Mike’s view on Therapy Expo 2016
Last week, I attended the Therapy Expo conference in Birmingham. Great conference and exhibition, well done to the organisers. I was invited to deliver some presentations – one on Movement Re-patterning for Rehabilitation and Performance and of the other 2 were “live biomechanical analysis” demonstrations on two brave volunteers who wanted to get their running analysed in front of hundreds of people!
During the presentations, there was a chance for the audience to ask some questions. It was interesting the type of questions I got asked after the live analysis. Some were very good, some were very clever and some very probing questions. I got the usual questions such as ‘How do you train stride frequency?’ or, ‘how long does it take to correct running technique?( which is the most common question I get asked), followed by “can you show me how you change running technique?
However, what really surprised me was, that when it comes to a biomechanical analysis, how many people think that it’s the software that does the work. One of the main questions that I did get was ‘what sort of software are you using and how can it analyse the information for you?’.
Now, let’s just clarify one thing: The analysis software doesn’t do the biomechanical analysis for you. No flashy lights and lines or graphs can identify what the issues are!
It’s all about understanding movement efficiency in walking and in running, and having the experience to know what it is you are looking for. If you do not know what you are looking for, no brilliant software, however expensive, however intricate, will help you to analyse an individual’s biomechanics. The same applies for changing movement patterns. We must not forget that we need to understand movement to be able to change movement. Analysing someone’s running technique is simple! The clever part is what comes after: Changing the running technique to make someone more efficient!
It’s very interesting how many organisations are now offering Running Technique Analysis from small physiotherapy practices to major multi-disciplinary clinics and from medical centres to universities.
One of the issues is that some of these organisations have little idea on how to re-educate running technique to improve efficiency and increase speed! They can produce complex graphs and figures and have a “stock” explanation on why someone is running inefficiently and getting injured. But when it comes to the solution, they come up with the same answers:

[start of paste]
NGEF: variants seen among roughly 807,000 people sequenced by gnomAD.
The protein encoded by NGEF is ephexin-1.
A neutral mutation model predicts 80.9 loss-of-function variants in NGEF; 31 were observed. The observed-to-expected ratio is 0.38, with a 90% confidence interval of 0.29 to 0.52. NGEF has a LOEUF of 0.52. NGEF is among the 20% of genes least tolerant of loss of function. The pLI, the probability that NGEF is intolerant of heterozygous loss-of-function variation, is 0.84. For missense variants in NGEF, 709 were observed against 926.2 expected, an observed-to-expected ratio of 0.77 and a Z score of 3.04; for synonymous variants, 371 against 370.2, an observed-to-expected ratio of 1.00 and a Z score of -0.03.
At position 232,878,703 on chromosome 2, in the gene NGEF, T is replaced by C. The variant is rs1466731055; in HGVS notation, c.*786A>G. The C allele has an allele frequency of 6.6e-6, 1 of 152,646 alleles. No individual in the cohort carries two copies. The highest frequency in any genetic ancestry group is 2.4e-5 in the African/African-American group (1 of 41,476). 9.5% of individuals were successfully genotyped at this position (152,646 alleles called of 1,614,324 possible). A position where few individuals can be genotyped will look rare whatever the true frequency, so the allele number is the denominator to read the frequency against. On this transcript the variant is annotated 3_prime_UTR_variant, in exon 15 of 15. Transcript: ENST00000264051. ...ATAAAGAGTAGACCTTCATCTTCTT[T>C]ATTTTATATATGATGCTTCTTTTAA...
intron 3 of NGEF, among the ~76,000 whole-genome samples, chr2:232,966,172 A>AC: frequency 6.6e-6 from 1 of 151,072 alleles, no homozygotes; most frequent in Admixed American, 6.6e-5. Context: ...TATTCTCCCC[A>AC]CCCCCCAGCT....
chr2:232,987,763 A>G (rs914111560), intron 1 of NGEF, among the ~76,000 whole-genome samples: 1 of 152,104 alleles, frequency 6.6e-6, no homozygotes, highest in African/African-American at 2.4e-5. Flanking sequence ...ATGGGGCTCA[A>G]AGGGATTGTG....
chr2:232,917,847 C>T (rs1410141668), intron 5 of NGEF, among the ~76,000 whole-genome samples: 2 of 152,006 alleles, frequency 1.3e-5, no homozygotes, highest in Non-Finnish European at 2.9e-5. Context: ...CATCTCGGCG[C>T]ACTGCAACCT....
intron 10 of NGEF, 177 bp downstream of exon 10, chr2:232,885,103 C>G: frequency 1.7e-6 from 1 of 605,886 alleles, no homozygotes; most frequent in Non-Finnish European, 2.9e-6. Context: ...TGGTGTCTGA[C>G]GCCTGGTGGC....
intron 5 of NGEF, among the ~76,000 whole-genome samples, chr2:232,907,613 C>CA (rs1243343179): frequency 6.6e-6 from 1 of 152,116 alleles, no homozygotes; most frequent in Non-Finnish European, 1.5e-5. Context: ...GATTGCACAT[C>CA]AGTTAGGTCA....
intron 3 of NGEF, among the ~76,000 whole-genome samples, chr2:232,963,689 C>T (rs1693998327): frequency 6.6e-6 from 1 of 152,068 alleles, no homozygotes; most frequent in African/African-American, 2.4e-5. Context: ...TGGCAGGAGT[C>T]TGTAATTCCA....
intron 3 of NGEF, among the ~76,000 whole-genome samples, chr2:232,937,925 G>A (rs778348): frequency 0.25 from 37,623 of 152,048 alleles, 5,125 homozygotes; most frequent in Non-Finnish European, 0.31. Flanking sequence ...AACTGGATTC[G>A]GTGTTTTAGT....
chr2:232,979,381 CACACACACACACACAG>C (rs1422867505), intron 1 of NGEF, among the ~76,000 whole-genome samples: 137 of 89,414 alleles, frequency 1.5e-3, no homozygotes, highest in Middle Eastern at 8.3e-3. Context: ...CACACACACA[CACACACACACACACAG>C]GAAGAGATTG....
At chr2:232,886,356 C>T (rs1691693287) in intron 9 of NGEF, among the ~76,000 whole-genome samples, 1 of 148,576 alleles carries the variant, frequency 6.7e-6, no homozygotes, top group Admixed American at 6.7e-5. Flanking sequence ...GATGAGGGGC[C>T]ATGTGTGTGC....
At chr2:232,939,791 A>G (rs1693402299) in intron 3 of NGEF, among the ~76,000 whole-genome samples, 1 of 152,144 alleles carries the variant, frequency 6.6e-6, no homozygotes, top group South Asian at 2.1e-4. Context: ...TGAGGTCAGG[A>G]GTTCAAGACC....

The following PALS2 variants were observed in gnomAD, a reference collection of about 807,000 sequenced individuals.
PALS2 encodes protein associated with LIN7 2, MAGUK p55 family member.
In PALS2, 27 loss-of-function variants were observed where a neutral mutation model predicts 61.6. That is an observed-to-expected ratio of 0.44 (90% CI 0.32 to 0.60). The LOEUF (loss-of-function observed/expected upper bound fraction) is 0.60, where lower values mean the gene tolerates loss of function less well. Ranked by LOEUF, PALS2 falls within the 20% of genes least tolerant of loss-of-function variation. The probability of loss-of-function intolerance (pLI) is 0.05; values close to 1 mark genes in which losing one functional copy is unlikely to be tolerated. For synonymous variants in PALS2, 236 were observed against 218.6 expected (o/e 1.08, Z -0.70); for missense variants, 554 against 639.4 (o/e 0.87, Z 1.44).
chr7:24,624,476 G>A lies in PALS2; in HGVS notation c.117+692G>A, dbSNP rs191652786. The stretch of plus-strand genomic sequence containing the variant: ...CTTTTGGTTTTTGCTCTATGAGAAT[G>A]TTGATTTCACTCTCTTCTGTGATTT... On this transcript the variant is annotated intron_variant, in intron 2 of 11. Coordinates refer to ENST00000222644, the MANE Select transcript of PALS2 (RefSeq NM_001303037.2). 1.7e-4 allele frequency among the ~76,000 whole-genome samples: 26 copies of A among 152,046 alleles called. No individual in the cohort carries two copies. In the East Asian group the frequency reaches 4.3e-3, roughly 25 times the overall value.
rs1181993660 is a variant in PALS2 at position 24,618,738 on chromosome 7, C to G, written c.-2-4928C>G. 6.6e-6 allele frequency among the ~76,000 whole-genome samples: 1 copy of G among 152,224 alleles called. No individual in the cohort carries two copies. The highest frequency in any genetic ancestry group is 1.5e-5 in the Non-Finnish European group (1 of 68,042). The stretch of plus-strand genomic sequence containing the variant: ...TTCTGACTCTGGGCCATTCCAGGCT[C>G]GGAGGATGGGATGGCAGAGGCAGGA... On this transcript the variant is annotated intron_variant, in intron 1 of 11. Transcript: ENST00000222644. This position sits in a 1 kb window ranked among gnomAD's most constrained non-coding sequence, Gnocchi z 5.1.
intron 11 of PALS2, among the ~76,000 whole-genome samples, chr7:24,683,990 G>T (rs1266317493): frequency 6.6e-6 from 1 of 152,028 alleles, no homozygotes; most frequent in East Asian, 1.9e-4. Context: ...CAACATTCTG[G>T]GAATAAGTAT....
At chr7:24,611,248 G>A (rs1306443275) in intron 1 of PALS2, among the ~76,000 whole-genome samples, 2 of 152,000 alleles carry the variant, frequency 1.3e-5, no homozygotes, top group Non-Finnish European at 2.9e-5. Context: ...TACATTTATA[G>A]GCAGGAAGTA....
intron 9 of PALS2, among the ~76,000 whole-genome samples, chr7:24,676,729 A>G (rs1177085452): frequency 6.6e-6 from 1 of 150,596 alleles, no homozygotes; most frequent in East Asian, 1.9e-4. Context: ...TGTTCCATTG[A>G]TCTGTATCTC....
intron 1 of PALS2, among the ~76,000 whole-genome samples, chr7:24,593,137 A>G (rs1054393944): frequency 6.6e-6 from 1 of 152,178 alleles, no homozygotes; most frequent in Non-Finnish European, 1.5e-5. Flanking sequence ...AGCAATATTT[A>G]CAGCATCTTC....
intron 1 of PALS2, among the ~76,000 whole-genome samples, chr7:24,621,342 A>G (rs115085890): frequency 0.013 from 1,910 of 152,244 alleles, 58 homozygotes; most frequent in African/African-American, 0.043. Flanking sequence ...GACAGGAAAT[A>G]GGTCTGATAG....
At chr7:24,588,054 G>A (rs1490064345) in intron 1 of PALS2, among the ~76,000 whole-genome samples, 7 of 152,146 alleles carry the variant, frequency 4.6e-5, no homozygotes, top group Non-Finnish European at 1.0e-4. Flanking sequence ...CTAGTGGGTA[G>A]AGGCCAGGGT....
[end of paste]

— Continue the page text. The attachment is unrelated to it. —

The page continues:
- It’s your core you’re not strong enough
- Its your glutes they are not working ( everyone’s favourite)
- You have the wrong stride frequency you need to increase it
- It’s the shoes, they are not the right ones
- You need to do more strength/Olympic lifting
- You need orthotics
- You need to do more stretching/flexibility
When I think back to how I started analysing running technique 25 years ago with a camera and a cassette video recorder and a television, I am so impressed with how new technology can help us help more people and it’s getting better!
One thing that hasn’t changed is how the body learns and how the body moves and how we can change movement. Our understanding on how this happens has been enhanced. But for us to change our running technique – to run better ,more efficiently and faster- we need to change our movement patterns and stimulate the nervous system and the muscular system together.
This means that to change running technique, theoretical information and tips will not do the trick. The body needs to learn movement through movement – mostly while running but also through other re-patterning exercises.
Running technique is simple to change but it’s not easy to change! It is also very individual . Although the generic changes to the way the legs move and the arms move is the same for most people, there are a number of individual changes that need to be applied . This is because we are all different and our movement patterns are developed from the way we move, the way we compensate, the way we train, previous injury and pain
We have carried out over 25,000 biomechanical and movement analyses since we started out – on recreational runners, elite athletes, non athletes , kids , people after injury surgery or stroke. The one thing that comes out loud and clear every time is: EVERYONE MOVES DIFFERENTLY!